Cyber Insurers React to Surge in Ransomware Claims and Halve Cover

Giulio Saggin

Speaking after the Colonial pipeline attack in May this year, Christian Mumenthaler, the CEO of one of the world's largest reinsurers, Swiss Re (Swiss Reinsurance Company), said:

"The cyber insurance market is currently worth around $5.5 billion in premium, as compared to gigantic yearly losses that extend into the hundreds of billions of dollars ... I would actually argue that overall the problem is so big it’s not insurable."

It appears this is true, with some cyber insurers now halving - or more - their cover to clients. Those which were willing to issue US$5 million policies in 2020 are now limiting coverage to US$1-3 million.

It's not surprising this has happened. Ransomware attacks have shot up as COVID has progressed. In the first six months of this year, payouts totalled US$590 million, as opposed to US$416 million in all of 2020.

The increase can be put down to a remote workforce which, in many instances, has brought with it a reduction in security levels, and a public inclined to click on anything related to COVID.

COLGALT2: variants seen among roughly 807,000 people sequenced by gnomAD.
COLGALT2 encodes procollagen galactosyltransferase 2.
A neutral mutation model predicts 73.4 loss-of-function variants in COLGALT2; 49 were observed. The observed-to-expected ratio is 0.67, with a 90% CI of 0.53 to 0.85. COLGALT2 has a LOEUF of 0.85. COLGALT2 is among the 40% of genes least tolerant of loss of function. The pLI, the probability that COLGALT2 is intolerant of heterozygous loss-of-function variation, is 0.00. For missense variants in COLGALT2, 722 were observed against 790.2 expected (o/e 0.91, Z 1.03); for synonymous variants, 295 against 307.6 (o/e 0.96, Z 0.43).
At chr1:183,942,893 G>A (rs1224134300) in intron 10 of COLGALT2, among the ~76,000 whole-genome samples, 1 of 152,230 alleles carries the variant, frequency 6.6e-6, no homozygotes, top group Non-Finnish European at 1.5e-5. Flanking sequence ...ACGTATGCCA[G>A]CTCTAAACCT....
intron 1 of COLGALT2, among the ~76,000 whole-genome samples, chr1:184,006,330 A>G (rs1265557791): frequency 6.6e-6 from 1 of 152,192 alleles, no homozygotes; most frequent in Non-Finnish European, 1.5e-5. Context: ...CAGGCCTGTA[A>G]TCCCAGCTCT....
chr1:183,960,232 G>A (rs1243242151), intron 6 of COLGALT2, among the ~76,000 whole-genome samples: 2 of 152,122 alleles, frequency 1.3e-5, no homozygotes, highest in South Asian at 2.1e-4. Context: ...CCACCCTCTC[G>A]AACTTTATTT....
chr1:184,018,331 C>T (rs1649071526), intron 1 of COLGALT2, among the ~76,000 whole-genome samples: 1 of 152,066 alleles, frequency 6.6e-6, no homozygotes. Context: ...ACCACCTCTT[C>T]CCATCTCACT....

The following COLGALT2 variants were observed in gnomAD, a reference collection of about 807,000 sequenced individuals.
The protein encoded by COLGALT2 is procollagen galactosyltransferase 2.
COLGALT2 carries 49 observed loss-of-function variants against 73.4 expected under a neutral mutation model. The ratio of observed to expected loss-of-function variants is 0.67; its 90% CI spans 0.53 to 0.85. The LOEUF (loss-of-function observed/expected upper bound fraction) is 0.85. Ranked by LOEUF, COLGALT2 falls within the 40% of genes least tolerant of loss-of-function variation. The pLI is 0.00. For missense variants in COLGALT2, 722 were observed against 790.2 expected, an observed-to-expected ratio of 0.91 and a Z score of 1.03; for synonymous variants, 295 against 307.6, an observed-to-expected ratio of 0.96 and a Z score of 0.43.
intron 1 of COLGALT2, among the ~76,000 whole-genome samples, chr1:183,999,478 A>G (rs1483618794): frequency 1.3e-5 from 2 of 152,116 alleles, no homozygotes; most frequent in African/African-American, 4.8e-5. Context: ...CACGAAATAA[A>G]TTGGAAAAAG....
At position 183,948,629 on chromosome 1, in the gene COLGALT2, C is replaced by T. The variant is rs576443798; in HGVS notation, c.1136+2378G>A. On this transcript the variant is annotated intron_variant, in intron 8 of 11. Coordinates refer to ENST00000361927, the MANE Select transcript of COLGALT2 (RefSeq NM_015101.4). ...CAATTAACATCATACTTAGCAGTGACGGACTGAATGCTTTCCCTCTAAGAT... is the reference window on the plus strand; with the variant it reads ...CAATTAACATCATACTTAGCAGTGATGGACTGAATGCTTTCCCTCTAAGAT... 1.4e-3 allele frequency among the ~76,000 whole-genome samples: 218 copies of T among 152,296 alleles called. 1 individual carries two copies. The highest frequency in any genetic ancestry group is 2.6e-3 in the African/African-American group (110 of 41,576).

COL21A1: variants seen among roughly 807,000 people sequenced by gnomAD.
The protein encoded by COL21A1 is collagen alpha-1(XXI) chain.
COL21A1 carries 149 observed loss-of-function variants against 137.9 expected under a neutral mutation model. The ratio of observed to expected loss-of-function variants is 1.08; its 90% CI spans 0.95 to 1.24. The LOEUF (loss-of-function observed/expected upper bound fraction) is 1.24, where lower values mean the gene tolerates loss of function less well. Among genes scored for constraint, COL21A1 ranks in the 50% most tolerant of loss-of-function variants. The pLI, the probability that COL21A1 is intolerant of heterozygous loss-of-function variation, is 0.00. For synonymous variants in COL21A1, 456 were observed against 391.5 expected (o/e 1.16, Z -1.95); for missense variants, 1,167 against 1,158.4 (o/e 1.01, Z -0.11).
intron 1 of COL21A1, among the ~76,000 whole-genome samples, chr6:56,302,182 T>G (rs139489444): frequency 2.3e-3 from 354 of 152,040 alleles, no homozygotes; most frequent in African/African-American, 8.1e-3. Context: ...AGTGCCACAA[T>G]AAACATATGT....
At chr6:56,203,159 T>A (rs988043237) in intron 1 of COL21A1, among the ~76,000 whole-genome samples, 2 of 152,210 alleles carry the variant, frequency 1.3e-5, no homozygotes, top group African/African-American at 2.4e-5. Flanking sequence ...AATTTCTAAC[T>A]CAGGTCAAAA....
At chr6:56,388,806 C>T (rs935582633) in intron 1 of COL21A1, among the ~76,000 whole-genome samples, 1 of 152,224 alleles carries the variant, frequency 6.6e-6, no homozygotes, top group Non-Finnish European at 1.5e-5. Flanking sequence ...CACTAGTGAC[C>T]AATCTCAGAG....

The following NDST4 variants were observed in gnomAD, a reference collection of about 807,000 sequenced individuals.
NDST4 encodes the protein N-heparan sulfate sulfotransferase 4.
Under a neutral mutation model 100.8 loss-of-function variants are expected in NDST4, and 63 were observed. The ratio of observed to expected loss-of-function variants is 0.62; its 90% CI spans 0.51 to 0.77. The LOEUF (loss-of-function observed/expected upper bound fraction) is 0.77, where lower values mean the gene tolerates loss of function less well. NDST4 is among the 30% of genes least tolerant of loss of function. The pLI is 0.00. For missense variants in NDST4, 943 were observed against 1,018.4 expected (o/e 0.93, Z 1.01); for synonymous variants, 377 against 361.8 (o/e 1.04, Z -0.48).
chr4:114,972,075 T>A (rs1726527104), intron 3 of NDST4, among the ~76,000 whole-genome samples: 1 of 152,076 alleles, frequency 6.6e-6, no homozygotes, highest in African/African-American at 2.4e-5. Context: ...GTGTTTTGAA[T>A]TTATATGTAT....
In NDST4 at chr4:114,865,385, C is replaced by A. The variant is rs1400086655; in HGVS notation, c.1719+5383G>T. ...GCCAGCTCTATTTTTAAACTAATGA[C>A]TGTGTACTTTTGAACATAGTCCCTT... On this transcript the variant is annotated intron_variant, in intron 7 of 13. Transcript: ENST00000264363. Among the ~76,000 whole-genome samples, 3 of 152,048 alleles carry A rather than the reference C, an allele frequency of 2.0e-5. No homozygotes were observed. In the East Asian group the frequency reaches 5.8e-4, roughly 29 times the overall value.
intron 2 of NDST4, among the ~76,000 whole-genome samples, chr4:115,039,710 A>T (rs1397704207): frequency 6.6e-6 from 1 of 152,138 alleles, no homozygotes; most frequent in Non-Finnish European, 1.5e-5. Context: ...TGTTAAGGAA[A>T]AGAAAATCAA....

Hackers are refining their skills, too, with more advanced scam emails. They are also educating themselves and reading balance sheets and focusing on specific sectors.

Attacks have shifted away from healthcare facilities and municipalities - 560 healthcare facilities and 113 federal, state and municipal governments and agencies were targeted by ransomware in 2020 - to much larger companies in such areas as manufacturing and logistics. Healthcare facilities and municipalities have little money, whereas 'corporate' can't afford their systems to be down for extended periods and, more importantly, have the insurance to cover ransomware attacks and are more likely to pay ransoms, which are often in the millions of dollars.

cyber insurance
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